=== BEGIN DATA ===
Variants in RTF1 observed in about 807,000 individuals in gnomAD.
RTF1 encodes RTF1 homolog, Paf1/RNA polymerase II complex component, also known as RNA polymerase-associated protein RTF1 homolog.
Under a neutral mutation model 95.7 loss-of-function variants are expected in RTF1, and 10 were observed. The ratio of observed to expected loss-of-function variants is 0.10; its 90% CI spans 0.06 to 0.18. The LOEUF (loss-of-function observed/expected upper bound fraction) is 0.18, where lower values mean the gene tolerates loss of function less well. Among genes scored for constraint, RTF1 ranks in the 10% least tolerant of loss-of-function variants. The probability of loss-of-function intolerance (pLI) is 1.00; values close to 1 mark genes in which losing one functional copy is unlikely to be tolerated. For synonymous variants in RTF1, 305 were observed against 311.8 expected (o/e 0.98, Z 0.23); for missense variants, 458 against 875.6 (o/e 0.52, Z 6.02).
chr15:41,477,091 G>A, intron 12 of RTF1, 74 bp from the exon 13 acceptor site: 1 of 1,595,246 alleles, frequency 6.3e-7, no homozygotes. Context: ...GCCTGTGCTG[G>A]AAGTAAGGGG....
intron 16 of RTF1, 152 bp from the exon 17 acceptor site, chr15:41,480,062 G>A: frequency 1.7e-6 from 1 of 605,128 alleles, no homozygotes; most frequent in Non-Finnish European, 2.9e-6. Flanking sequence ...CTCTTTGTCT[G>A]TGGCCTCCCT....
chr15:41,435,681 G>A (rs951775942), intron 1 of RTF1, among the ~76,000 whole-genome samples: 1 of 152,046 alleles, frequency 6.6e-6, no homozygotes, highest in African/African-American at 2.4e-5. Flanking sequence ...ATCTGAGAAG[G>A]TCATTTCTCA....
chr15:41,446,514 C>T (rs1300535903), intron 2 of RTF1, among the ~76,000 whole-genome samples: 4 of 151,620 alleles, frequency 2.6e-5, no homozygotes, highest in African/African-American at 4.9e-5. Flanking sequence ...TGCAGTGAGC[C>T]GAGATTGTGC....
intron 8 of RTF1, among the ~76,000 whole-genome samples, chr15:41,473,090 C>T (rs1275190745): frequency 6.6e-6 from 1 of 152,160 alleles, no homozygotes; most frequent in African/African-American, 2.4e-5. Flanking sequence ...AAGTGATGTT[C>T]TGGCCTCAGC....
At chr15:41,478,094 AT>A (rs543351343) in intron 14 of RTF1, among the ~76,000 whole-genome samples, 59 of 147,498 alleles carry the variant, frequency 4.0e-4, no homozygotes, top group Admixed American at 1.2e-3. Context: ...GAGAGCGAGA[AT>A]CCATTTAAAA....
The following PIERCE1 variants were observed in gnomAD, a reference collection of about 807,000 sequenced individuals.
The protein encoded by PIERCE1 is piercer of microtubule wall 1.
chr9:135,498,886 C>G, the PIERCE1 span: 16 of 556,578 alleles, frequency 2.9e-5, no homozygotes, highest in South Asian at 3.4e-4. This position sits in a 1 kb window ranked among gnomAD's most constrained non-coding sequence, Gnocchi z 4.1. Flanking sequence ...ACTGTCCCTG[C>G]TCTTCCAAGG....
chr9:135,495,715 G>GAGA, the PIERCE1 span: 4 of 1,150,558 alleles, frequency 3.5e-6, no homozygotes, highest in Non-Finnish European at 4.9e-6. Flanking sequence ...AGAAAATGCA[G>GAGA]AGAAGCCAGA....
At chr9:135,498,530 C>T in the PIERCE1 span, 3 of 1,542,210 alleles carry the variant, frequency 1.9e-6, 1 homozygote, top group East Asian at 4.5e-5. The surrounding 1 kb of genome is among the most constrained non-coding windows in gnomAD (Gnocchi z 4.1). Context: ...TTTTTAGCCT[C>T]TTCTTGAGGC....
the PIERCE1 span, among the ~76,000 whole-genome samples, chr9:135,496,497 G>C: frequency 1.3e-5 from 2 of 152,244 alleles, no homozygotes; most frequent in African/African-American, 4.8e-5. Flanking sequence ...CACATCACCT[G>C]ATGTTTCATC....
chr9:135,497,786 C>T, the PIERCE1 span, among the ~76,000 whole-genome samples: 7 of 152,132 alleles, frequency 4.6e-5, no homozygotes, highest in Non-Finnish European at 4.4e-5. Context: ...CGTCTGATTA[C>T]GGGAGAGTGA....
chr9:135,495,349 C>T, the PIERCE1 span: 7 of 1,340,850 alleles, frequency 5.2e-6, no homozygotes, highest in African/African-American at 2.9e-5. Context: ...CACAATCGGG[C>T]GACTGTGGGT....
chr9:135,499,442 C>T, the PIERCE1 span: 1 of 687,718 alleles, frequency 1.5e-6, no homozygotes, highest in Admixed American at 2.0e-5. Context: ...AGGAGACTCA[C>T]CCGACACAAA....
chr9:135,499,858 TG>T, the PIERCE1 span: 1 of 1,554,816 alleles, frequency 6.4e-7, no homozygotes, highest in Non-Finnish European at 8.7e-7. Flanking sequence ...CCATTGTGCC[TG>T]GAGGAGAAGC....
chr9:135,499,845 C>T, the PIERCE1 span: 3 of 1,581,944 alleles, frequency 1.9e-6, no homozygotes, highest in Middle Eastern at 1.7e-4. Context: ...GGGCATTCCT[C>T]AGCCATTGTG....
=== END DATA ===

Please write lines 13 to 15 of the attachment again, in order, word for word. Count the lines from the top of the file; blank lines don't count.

chr9:135,495,715 G>GAGA, the PIERCE1 span: 4 of 1,150,558 alleles, frequency 3.5e-6, no homozygotes, highest in Non-Finnish European at 4.9e-6. Flanking sequence ...AGAAAATGCA[G>GAGA]AGAAGCCAGA....
At chr9:135,498,530 C>T in the PIERCE1 span, 3 of 1,542,210 alleles carry the variant, frequency 1.9e-6, 1 homozygote, top group East Asian at 4.5e-5. The surrounding 1 kb of genome is among the most constrained non-coding windows in gnomAD (Gnocchi z 4.1). Context: ...TTTTTAGCCT[C>T]TTCTTGAGGC....
the PIERCE1 span, among the ~76,000 whole-genome samples, chr9:135,496,497 G>C: frequency 1.3e-5 from 2 of 152,244 alleles, no homozygotes; most frequent in African/African-American, 4.8e-5. Flanking sequence ...CACATCACCT[G>C]ATGTTTCATC....